This article is going to examine HTML user sitemaps for WordPress. In particular, I am going to explain how to create a user sitemap page template within your WordPress theme. But, before we get that far, we are going to cover what they are and how they impact SEO.

What is a User Sitemap

First, lets start with a traditional sitemap, which is in XML format. These sitemaps provide directions for search engine crawlers to crawl and index your website.

What about humans? We want to be able to provide our human users with the same ease of use, right? A user sitemap, therefore, is a page with a clean design, that breaks down the contents of your website. Site visitors can use it to drill down to the content they are looking for.

For example, you can find this site’s user sitemap here. Likewise, the XML sitemap for search engines is here. Go ahead and take a look at both, and you’ll see one is user friendly and the other is not.

At the root, an HTML user sitemap is super simple. It is just a plain text page outlining your site’s most important areas, with links to them. It makes usability better, and keeps things organized.

The usability factor contributes towards good SEO, and we’ll get into that in the next section.

User Sitemap Impacts on SEO

Why do SEOs love the farmer’s market? Because there’s lots of organic content there. Ha, dumb joke.

When you get down to it, the point of SEO is to make the web more accessible. Google has made its mission to clean up the internet landscape and guide searchers towards great information. And really, towards what they are looking for. People are curious. Whatever it is you write about, someone is probably looking for it, so SEO matters.

HTML user sitemaps fall within the realm of on-page SEO. That is, structural factors within a page that help it get indexed by Google, and then served to searchers. When you look at a list of on-page ranking factors, they boil down to one thing: the user experience (UX). If something on a page is not useful to the user, then it doesn’t need to be there. Does mobile friendliness create a better UX? Yep. Do meta descriptions help people find relevant things on result pages, and therefore provide a better UX? Heck yea.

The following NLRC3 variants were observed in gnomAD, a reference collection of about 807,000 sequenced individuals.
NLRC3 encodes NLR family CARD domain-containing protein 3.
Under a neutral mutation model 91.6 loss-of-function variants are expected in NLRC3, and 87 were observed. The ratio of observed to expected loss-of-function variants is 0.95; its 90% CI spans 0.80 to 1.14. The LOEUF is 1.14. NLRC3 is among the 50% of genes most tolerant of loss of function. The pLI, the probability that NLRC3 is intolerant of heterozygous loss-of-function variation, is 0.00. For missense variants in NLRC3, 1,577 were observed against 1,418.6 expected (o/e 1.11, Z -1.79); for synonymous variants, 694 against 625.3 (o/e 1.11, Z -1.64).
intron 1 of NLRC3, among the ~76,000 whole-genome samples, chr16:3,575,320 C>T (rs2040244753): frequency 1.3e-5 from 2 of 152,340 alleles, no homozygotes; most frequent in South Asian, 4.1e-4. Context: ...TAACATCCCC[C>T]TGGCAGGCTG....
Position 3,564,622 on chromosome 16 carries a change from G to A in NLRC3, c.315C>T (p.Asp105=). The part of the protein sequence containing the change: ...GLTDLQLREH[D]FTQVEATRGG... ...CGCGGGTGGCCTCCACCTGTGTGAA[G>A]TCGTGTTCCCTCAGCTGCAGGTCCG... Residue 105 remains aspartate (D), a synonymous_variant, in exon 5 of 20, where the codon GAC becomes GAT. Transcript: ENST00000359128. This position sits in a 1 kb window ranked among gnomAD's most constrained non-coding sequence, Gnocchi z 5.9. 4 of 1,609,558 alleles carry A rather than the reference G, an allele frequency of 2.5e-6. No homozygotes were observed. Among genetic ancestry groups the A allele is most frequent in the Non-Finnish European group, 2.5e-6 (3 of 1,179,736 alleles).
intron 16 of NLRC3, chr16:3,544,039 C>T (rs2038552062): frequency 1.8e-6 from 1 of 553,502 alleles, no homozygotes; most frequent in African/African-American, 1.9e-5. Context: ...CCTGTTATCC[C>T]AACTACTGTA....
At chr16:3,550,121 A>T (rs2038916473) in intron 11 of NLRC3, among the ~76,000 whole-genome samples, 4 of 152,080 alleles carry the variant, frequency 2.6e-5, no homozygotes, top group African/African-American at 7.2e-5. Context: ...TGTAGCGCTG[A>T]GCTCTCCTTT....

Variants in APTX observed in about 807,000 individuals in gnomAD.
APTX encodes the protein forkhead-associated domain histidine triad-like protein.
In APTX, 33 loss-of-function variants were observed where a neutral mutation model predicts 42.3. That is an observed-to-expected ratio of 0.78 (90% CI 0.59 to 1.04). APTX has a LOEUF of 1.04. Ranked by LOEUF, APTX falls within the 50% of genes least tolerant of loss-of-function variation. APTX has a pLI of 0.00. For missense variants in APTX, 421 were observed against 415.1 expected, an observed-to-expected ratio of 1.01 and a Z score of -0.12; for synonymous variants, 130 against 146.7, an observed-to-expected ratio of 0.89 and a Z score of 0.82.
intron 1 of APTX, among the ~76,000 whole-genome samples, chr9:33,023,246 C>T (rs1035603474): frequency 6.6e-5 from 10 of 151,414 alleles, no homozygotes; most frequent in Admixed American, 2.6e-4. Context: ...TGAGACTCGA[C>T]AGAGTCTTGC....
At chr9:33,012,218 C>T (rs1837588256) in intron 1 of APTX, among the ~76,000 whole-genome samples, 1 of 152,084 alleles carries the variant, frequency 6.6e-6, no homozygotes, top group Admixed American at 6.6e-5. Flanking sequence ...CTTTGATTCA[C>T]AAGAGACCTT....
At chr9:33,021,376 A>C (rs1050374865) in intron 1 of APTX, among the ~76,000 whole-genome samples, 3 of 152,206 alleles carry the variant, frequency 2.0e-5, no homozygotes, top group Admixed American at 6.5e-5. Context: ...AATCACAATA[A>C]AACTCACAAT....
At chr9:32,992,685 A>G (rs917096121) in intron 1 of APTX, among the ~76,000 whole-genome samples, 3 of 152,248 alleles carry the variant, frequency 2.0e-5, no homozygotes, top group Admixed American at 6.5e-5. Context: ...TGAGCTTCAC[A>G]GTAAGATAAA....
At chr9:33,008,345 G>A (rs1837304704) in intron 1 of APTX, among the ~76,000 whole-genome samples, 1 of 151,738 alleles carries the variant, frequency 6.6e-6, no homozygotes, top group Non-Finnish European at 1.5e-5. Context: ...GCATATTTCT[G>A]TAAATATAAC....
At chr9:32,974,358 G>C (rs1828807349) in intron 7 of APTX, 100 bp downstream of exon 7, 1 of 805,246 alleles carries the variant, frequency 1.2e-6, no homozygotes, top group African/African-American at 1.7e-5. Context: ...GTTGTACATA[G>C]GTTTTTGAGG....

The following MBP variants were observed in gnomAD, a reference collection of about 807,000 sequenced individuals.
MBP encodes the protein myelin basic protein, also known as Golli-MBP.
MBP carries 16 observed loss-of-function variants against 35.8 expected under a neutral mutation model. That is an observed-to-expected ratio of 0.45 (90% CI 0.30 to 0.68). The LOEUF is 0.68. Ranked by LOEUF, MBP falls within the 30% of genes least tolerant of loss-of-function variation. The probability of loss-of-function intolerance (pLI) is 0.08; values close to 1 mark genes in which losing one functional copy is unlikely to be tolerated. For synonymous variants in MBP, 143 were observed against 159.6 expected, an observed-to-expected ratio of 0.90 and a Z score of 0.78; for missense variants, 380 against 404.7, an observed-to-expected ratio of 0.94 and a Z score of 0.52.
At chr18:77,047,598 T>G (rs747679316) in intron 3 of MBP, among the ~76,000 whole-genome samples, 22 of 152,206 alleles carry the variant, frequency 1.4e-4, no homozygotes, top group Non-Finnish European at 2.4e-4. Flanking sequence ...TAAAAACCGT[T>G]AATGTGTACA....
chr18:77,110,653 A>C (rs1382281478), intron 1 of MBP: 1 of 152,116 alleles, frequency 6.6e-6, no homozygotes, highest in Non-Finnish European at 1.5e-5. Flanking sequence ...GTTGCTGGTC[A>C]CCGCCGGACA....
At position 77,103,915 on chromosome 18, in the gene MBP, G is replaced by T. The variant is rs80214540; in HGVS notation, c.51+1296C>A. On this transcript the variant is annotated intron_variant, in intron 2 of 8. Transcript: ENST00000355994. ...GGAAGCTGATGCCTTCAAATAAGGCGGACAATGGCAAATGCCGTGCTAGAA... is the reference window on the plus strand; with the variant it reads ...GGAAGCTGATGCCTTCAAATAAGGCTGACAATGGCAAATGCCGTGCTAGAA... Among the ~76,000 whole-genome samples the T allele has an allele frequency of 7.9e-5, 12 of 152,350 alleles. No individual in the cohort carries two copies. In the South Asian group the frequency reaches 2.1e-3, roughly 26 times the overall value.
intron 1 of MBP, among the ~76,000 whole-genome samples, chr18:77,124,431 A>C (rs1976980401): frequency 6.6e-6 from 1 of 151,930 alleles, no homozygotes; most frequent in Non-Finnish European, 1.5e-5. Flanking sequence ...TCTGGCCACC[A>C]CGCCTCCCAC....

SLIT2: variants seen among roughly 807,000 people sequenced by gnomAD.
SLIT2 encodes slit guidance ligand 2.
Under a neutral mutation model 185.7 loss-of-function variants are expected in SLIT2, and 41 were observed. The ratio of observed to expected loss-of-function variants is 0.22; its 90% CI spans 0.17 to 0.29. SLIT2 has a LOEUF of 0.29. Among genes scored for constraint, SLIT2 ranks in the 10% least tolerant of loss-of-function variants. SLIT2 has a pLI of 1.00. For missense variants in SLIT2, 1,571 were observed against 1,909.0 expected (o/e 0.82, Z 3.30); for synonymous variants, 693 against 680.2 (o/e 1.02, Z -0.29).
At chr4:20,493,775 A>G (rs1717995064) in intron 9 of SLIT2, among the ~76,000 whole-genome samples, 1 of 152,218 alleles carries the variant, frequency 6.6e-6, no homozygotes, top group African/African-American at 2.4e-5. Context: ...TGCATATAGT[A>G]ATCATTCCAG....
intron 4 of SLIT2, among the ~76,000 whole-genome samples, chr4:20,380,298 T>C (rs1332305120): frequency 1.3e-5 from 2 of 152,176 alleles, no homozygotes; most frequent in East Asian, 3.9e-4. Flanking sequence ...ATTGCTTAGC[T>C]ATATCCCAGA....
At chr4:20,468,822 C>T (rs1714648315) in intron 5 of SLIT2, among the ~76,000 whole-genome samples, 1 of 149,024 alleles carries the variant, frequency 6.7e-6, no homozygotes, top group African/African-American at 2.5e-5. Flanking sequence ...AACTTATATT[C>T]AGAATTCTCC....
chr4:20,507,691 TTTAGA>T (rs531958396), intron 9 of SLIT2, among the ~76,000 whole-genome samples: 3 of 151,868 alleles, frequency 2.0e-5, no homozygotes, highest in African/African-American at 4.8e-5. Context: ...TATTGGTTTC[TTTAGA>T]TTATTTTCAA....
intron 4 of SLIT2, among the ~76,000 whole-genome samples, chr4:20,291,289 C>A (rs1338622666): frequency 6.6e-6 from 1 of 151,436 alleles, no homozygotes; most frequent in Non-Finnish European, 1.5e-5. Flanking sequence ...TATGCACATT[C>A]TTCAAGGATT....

Both of those examples are official ranking factors for Google, as are other on-page optimizations. One could relate then, that ranking factors are determined by whether or not a variable improves the UX.

So do you think that a page in which all site information is categorically indexed for users to reference might make a better UX? I certainly think so. One could argue that Google does too. If users can access content more easily, they will spend more time with it. Website dwell time is something that is beginning to gain momentum as a ranking factor.

Dwell time is the amount time it takes a user to return to a search result page from your website. The longer the time frame, the more content they presumably consumed. You can read more about the impact of Dwell time on SEO in this Moz article: The Two User Metrics that Matter for SEO.